Ever wondered if sugar is gluten-free? We’re breaking it all down, from types of sugar, to which brands are gluten-free and more!
So, you’re ready to bake gluten-free, but you’re not sure… is sugar gluten-free?
I GET IT!
Especially at the beginning of transitioning to a gluten-free diet, it’s so overwhelming to have to re-think every ingredients and re-read every label to check that everything is safe to eat. Today we’ll take the guesswork out of sugar.
Here’s what you need to know about gluten-free sugar…
Gluten-Free Sugar, At A Glance:
Short Answer: Is Sugar Gluten-Free?
Yes! Pure sugar (without any additional flavorings or additives) is considered gluten-free and safe to eat if you’re gluten sensitive or diagnosed with Celiac disease. Gluten is a protein found in wheat (durum, semolina, kamut), and several other grains, like barley, rye, bulgur, triticale, and spelt. Sugar is made without any of these ingredients.
This is GREAT NEWS! That means it’s easy to add sweetness to your favorite gluten-free recipes and gluten-free foods.
HOWEVER. There is some nuance, such as when additional flavorings or additives have been added to the sugar, or the way the sugar has been handled. Read on to find out what you need to know about each kind of sugar.
Is White Sugar Gluten-Free?
One thing to note is that commercial white sugar is usually processed with natural carbon (or bone char) to help decolorize it and give it that super white appearance. This is all gluten-free, but does mean that most regular white sugar is not vegan. (Organic sugar in the United States is always made from sugarcane and is not processed with bone char.)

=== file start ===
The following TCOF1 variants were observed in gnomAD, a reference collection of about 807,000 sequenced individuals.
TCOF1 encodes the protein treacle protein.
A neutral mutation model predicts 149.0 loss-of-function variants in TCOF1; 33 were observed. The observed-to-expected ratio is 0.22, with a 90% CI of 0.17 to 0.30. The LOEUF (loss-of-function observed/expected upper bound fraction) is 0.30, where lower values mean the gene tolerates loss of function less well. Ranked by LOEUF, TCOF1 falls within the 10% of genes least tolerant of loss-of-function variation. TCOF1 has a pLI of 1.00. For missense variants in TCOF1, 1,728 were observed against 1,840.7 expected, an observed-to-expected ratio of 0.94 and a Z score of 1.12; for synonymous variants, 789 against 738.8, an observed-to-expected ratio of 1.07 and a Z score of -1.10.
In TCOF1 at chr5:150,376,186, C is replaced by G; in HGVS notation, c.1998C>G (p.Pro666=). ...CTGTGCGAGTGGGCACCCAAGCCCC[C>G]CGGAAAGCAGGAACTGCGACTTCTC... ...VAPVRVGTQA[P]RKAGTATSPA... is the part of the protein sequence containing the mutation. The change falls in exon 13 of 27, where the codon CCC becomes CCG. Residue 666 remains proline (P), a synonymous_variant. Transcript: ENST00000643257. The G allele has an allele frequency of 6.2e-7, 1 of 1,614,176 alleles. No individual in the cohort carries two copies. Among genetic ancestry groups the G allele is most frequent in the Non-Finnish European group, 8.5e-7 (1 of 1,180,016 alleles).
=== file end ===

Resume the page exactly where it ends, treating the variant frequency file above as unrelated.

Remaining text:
Is Brown Sugar Gluten-Free?
Brown sugar is actually just white sugar with added molasses! Both sugar and molasses are considered gluten-free, so brown sugar is safe for Celiac disease and gluten intolerance.
What about light brown sugar vs dark brown sugar? That’s simply a matter of how much molasses is in the sugar! Dark brown sugar has more molasses than light brown sugar. Both light brown sugar and dark brown sugar are gluten-free.
Is Powdered Sugar Gluten-Free?
Most of the time, yes! Powdered sugar (sometimes labeled confectioner’s sugar or icing sugar) is unique from other kinds of sugar because it usually contains some sort of starch to help avoid clumps. Most brands use cornstarch or arrowroot starch, which are both gluten-free. This is one sugar you’ll want to double-check before using!
What About Other Kinds Of Sugar?
So what about all the other kinds of sugar? There are a lot of kinds of sugar and sweetener out there, but here’s a breakdown of all the common kinds. (Learn all about different kinds of sugar and how to use each one in this post all about sugar!)
- Coconut Sugar – Coconut sugar is made from coconut blossom nectar and is considered gluten-free.
- Date Sugar – This type of sugar is made from dehydrated dates and is gluten-free.
- Maple Sugar – Made from crystallized maple syrup, maple sugar is considered gluten-free. (Read more about gluten-free maple syrup here)
- Muscovado Sugar – This dark sugar is gluten-free!
- Pearl Sugar – Pearlized or pearl sugar, like Swedish pearl sugar and Belgian pearl sugar, is gluten-free. It won’t melt and is typically used for decoration only.